It was a great week back to school, but I was still recovering

Conner seemed to be suffering from fatigue too.

Despite the easier week, my energy level is still hovering around 70-80% of my normal levels, and I felt that most in the evenings. During the school day, I am always giving 115% of my energy to engaging students in lessons and helping with their social growth. Prior to cancer, when I got home from school, I was exhausted. However, I still had energy to cook dinner, review classwork, assessments, and lesson plans, spend time with Mallory, and do some exercise.   

Now, I barely had energy to get up to bed and stretch out. Teaching is very draining, and I was feeling it even more when since I have less energy to begin with. Mallory and I prepped meals in crockpots, which was immensely helpful, or went out to eat. We spent evenings taking it easy so I could be ready for the next day. If you’re returning to work after chemotherapy, I definitely recommend easing into it and resting in the evenings.   

My first week back was exhausting, but despite feeling tired, being back with my students was mentally energizing. I could not have asked for a better week of behavior and learning from them. They showed that they truly can be the great class I know them to be. I look forward to the next week (and rest of the school year) working with them. If cancer has taught me one thing, it is to focus on what really matters. In the case of my classroom, being there for my kids is what truly makes me want to be a teacher.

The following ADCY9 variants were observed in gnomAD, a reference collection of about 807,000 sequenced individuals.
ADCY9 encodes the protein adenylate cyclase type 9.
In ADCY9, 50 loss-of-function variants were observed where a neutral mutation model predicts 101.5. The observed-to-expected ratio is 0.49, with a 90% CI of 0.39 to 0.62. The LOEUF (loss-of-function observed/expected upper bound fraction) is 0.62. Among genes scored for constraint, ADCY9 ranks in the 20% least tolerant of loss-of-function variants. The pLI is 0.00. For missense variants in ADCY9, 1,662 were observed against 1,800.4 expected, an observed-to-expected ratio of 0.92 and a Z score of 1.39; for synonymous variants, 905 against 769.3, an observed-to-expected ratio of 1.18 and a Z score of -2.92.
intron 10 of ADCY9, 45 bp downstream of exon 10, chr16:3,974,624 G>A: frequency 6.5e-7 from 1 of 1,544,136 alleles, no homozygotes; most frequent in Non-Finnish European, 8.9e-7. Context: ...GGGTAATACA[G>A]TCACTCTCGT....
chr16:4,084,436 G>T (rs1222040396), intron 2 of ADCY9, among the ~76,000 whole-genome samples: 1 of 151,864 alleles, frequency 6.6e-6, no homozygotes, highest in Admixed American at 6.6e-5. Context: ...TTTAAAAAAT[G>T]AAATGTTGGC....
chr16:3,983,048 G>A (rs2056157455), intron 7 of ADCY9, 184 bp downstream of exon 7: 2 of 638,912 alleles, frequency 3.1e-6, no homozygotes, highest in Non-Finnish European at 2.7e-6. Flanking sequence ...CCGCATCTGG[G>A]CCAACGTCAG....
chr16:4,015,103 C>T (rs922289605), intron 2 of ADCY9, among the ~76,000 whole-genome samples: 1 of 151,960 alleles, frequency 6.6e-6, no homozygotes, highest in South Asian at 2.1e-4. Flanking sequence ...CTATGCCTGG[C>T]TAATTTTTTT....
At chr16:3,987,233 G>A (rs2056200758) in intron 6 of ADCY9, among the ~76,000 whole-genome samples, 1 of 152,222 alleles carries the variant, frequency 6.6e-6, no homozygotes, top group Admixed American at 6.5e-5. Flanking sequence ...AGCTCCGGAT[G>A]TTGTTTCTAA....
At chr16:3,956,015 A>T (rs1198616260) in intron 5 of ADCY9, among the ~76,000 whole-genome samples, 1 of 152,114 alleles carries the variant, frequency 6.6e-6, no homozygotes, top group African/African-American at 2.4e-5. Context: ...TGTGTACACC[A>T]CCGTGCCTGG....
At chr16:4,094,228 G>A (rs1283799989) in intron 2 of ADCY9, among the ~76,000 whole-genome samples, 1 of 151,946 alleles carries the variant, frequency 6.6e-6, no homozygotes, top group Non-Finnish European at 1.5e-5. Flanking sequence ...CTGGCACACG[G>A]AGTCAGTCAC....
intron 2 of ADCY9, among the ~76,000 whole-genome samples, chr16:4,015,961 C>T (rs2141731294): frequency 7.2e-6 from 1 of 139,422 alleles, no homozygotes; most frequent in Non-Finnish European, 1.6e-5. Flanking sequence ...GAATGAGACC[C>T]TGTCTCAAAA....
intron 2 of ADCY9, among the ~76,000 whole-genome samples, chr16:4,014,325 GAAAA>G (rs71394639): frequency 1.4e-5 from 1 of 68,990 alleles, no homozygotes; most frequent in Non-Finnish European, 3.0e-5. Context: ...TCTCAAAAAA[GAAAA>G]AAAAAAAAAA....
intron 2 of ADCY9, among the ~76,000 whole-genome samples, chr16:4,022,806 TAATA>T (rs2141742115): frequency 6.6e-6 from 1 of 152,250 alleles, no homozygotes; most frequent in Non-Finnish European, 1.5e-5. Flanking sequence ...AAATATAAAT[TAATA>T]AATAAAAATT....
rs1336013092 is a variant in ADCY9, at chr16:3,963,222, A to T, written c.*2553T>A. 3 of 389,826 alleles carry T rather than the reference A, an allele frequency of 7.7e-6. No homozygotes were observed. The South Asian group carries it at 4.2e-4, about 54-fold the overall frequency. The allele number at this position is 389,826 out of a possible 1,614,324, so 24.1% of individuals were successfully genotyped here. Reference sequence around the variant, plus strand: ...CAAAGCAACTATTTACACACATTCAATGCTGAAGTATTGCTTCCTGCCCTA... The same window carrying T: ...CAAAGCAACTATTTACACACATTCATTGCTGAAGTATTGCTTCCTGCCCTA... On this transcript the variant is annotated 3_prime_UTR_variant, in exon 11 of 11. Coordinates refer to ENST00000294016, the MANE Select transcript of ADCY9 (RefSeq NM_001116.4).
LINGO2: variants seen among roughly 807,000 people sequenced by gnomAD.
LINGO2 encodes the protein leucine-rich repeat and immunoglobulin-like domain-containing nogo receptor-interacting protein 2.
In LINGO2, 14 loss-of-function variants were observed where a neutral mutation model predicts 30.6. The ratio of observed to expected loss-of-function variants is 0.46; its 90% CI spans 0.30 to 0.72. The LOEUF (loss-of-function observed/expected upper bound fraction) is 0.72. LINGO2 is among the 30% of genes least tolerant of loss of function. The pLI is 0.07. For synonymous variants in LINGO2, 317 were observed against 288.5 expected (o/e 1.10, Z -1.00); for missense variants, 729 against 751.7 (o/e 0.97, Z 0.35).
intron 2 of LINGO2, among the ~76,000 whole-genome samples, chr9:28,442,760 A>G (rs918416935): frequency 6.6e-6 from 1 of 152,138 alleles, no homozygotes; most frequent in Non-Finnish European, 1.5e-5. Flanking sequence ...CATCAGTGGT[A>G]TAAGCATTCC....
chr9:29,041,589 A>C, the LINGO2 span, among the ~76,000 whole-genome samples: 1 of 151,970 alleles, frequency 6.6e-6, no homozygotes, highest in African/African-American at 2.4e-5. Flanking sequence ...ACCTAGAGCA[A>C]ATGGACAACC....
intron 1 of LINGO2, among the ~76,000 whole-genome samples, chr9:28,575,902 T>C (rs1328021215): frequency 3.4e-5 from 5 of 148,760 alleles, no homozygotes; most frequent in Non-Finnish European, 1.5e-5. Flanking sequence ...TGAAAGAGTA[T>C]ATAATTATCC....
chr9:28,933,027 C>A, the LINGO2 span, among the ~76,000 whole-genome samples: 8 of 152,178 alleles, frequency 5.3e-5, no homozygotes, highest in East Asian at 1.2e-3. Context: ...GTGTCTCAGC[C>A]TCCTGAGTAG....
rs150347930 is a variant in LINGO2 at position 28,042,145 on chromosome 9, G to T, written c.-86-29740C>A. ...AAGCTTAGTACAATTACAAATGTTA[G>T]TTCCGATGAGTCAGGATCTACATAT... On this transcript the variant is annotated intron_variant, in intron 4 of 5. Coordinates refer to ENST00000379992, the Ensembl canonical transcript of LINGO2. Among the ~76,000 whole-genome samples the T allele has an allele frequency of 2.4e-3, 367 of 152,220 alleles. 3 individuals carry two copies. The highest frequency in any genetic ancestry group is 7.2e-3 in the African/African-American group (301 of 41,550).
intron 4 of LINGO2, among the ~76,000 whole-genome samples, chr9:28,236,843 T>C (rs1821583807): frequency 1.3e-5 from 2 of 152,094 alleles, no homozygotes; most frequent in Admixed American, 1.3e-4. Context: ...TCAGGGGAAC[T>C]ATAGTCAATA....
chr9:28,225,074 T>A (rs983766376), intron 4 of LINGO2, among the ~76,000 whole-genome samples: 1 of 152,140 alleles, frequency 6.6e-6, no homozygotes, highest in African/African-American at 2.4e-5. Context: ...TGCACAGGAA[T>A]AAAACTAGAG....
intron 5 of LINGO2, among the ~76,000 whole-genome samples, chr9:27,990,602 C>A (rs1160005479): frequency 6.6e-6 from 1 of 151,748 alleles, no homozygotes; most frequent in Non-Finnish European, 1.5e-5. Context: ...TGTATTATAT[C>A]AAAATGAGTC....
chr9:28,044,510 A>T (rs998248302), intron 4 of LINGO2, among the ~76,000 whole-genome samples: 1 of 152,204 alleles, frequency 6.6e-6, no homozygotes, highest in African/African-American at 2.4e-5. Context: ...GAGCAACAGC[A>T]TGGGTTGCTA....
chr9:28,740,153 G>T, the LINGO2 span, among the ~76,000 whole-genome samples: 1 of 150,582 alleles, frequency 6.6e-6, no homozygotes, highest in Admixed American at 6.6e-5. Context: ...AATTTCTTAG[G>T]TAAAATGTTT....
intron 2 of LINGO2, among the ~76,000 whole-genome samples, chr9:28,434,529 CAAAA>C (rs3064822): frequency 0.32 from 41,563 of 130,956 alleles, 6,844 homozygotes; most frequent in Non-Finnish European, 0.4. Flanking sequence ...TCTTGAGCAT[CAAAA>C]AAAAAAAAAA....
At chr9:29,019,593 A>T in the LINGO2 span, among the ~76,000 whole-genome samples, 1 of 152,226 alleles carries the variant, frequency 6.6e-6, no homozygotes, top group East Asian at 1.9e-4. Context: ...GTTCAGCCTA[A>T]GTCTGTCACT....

A self exam is how most cases of testicular cancer are detected early. Click the image for video directions or click here for a larger version

Want to work with Justin? Click here to learn more.

ABSOT is endorsed by the Laughter Arts and Sciences Foundation, a registered 501.c.3 charity. To make a tax-deductible contribution to help continue ABSOT's work with testicular cancer awareness and men's health, click the image below.

7 Responses

  1. So glad to hear you are back at work! My trip to NoVA was postponed but I'll keep you posted on when I am up your way.

  2. So glad to hear you are back at work! My trip to NoVA was postponed but I'll keep you posted on when I am up your way.

  1. May 14, 2019

    […] Some days, I was really down in the dumps about how overwhelmed I was feeling about balancing going back to work and also understanding what I had just […]

  2. May 20, 2019

    […] – my mood was not what it should have been. At first, I thought it was just the stress of returning to work and transitioning back to being a normal person instead of a cancer […]

  3. September 29, 2020

    […] I thought everything was going to go back to my regularly scheduled programming when I returned to work. This wasn’t the case, and if I had this book about a year ago I would have realized that not […]

Leave a Reply

Your email address will not be published. Required fields are marked *